IMG_1934

Updates: Women’s Day of Peace Action in Whiteclay

Whiteclay is an unincorporated village with a population of 14 people in northwest Nebraska. The town sits on the border of the Pine Ridge Indian Reservation, home to the Oglala Lakota (also known as the Oglala Sioux Tribe).

Whiteclay lies on disputed land, merely 200 feet from the official reservation border and less than 3 miles from the center of Pine Ridge, South Dakota, the largest town on the reservation.

Sale and possession of alcoholic beverages on the Pine Ridge is prohibited under tribal law. Except for a brief experiment with on-reservation liquor sales in the early 1970s, this prohibition has been in effect since the reservation lands were created.

Whiteclay has four off-sale beer stores licensed by the State of Nebraska which sell the equivalent of 4.5 million 12-ounce cans of beer annually (12,500 cans per day), mostly to the Oglalas living on Pine Ridge. These retailers routinely violate Nebraska liquor law by selling beer to minors and intoxicated persons, knowingly selling to bootleggers who resell the beer on the reservation, permitting on-premise consumption of beer in violation of restrictions placed on off-sale-only licenses, and exchanging beer for sexual favors. The vast majority of those who purchase beer in Whiteclay have in fact no legal place to consume it, since possession and consumption of alcoholic beverages on the Pine Ridge Reservation remain illegal under tribal law. Many people have died in the streets due to exposure, as the state of Nebraska fails to uphold state law or police Whiteclay. As long as the liquor stores in Whiteclay remains in business, the genocide of the Oglala Lakota people will continue.

Tribal activists of the Strong Heart Warrior Society have conducted annual blockades since 1999, trying to intercept alcohol and drugs being brought into the reservation. In June 2006 tribal activists protested beer sales by blockading the road from Pine Ridge to Whiteclay and confiscating beer bought in Whiteclay. These activists hoped to prevent bootlegging and illegal sales on the reservation. On June 9th of this year, young Lakota activists and their non-native allies held a blockade of the highway leading into Whiteclay, and gained concessions from law enforcement.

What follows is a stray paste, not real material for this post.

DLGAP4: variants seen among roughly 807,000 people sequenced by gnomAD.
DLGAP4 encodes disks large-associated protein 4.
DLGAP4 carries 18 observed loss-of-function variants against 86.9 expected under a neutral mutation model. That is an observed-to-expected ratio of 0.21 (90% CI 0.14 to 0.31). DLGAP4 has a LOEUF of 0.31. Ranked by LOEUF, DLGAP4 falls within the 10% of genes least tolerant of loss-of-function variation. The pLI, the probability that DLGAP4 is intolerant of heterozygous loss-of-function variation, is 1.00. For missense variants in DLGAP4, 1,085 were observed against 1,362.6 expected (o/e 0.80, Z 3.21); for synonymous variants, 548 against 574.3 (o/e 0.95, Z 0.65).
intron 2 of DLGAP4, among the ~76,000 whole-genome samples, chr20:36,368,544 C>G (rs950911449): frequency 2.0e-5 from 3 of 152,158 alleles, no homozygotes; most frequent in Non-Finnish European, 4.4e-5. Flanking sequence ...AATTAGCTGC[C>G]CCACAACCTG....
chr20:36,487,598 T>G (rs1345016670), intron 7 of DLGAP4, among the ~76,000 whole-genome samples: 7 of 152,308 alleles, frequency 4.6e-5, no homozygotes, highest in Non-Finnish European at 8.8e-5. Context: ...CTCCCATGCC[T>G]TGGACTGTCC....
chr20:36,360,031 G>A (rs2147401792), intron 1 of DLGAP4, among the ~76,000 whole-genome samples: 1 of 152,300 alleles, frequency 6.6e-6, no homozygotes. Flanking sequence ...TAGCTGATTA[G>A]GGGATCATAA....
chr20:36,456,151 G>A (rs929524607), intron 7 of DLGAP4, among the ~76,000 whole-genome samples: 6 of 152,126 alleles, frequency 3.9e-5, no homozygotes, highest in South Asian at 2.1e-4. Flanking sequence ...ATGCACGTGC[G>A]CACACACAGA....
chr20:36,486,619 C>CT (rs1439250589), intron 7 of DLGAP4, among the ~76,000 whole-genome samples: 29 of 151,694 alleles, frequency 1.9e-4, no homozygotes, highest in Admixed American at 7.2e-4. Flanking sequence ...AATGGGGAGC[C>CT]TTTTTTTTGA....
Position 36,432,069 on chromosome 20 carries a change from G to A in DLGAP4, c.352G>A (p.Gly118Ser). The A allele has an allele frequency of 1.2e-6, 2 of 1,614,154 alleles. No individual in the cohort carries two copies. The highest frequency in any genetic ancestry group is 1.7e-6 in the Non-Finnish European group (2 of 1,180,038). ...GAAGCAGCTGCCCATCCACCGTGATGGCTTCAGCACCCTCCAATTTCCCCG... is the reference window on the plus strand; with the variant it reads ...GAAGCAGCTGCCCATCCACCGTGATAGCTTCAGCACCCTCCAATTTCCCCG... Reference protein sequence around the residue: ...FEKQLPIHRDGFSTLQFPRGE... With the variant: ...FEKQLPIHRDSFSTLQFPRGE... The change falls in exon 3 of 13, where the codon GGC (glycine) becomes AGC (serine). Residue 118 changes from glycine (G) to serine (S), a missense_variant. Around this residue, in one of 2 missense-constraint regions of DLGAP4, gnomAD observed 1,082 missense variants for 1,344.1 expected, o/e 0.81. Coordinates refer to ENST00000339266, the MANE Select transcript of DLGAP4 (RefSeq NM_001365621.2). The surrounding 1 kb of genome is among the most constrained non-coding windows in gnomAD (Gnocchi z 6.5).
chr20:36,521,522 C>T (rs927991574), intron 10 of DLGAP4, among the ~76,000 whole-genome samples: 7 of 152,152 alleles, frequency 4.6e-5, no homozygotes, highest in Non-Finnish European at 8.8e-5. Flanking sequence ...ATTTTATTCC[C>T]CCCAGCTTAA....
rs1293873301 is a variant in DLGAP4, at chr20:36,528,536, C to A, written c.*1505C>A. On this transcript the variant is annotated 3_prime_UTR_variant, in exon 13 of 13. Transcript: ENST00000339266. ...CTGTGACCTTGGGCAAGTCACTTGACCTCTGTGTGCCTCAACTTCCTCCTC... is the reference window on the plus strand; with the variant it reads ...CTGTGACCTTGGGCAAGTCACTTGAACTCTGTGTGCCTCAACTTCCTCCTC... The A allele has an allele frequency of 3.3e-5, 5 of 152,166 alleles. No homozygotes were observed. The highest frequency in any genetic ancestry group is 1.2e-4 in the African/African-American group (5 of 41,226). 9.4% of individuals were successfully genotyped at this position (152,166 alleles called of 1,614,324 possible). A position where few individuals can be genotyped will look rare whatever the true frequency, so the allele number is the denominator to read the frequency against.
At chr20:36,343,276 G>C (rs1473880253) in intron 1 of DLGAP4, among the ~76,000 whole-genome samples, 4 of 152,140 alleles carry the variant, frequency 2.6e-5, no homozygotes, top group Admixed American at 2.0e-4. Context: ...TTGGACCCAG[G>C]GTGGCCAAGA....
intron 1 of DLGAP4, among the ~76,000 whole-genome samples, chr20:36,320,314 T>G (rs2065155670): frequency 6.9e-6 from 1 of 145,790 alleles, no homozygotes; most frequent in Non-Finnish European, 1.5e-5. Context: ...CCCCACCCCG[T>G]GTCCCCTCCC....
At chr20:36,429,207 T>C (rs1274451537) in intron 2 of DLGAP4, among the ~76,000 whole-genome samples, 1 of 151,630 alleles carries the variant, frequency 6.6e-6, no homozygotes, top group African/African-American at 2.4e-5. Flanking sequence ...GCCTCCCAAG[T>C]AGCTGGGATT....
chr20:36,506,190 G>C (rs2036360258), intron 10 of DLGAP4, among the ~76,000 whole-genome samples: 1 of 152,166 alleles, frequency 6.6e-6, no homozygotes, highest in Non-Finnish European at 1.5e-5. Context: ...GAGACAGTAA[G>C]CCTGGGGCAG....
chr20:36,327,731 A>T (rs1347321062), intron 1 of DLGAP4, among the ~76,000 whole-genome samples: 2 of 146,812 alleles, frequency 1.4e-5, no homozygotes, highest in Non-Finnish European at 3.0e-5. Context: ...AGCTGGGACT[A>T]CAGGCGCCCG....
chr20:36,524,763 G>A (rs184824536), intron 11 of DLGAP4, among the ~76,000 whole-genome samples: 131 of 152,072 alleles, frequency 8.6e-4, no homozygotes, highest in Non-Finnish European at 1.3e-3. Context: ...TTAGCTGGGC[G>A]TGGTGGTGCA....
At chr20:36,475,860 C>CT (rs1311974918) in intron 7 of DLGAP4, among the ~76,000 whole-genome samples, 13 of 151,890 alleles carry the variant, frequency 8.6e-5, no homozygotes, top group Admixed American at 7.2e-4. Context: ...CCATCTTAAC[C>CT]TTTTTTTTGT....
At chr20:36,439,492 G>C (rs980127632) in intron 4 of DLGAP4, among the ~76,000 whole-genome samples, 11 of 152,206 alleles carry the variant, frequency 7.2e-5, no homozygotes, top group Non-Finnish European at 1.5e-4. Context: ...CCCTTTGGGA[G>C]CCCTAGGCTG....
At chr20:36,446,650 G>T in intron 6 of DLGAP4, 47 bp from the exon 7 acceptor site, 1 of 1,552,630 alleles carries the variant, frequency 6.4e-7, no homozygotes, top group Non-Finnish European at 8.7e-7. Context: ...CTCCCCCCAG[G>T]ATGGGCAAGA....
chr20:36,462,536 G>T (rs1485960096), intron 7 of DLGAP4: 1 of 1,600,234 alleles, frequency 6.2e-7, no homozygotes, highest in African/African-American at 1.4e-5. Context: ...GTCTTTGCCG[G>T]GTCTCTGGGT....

In solidarity with the Oglala Lakota people, members of Deep Green Resistance are assisting an action now to shut down the bars in Whiteclay forever.

Updates on action:

Sun. August 26, 2012 (All times MDT)

As of 10:00 PM: Police and firefighters unable to unlock the blockaders once at the jail. The five released without bail after agreeing to unlock themselves.

7:59 PM: Tribal police have come into Nebraska to block support to the folks on lockdown. Nebraska State Patrol has brought in a trailer and carried the lockdown, as a unit, onto the trailer (one person may have sustained injuries due to this police maneuver). They are now being transported to the jail. They are still locked together. Stay tuned for updates on the protestors’ status and information on how to help!

6:22 PM: Police are bringing in a livestock trailer to attempt to move the blockade as a unit to a different location. They have threatened the blockaders with felony charges. Blockaders have decided to hold their ground. This is what resistance looks like.

5:30 PM: Police have threatened to arrest another protester.

4:20 PM: There’s a line of cops, a line of warriors, and a line of blockaders. There’s a huge banner that says “Honor the Treaties”. Lakota people are chanting and drumming.

4:00 PM: All four bars in Whiteclay have been shut down. Two arrests have been made. Police have issued an ultimatum that all those locked down in Whiteclay must walk back to the reservation or they will be arrested.

7 thoughts on “Updates: Women’s Day of Peace Action in Whiteclay”

Leave a Reply

Your email address will not be published. Required fields are marked *